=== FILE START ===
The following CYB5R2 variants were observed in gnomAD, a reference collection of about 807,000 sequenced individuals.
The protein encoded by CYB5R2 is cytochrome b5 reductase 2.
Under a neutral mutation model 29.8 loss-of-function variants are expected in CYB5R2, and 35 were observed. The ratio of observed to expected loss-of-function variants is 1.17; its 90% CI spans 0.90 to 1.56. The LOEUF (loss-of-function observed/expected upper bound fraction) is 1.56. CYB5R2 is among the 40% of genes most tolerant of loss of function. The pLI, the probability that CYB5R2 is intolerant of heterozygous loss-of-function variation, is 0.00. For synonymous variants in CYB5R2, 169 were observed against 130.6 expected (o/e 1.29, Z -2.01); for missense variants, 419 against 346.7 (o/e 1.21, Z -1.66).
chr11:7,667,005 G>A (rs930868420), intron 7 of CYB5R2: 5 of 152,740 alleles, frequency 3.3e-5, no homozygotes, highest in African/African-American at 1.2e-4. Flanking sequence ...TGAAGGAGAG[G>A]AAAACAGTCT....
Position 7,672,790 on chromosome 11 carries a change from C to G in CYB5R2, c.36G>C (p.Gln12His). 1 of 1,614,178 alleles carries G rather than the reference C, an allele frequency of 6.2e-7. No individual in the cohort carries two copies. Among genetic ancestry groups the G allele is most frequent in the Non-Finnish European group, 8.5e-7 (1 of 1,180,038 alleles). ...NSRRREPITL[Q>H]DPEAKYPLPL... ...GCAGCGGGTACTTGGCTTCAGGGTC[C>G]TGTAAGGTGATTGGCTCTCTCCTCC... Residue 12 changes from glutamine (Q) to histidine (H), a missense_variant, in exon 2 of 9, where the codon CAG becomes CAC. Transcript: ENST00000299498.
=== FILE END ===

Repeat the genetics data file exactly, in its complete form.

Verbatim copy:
The following CYB5R2 variants were observed in gnomAD, a reference collection of about 807,000 sequenced individuals.
The protein encoded by CYB5R2 is cytochrome b5 reductase 2.
Under a neutral mutation model 29.8 loss-of-function variants are expected in CYB5R2, and 35 were observed. The ratio of observed to expected loss-of-function variants is 1.17; its 90% CI spans 0.90 to 1.56. The LOEUF (loss-of-function observed/expected upper bound fraction) is 1.56. CYB5R2 is among the 40% of genes most tolerant of loss of function. The pLI, the probability that CYB5R2 is intolerant of heterozygous loss-of-function variation, is 0.00. For synonymous variants in CYB5R2, 169 were observed against 130.6 expected (o/e 1.29, Z -2.01); for missense variants, 419 against 346.7 (o/e 1.21, Z -1.66).
chr11:7,667,005 G>A (rs930868420), intron 7 of CYB5R2: 5 of 152,740 alleles, frequency 3.3e-5, no homozygotes, highest in African/African-American at 1.2e-4. Flanking sequence ...TGAAGGAGAG[G>A]AAAACAGTCT....
Position 7,672,790 on chromosome 11 carries a change from C to G in CYB5R2, c.36G>C (p.Gln12His). 1 of 1,614,178 alleles carries G rather than the reference C, an allele frequency of 6.2e-7. No individual in the cohort carries two copies. Among genetic ancestry groups the G allele is most frequent in the Non-Finnish European group, 8.5e-7 (1 of 1,180,038 alleles). ...NSRRREPITL[Q>H]DPEAKYPLPL... ...GCAGCGGGTACTTGGCTTCAGGGTC[C>G]TGTAAGGTGATTGGCTCTCTCCTCC... Residue 12 changes from glutamine (Q) to histidine (H), a missense_variant, in exon 2 of 9, where the codon CAG becomes CAC. Transcript: ENST00000299498.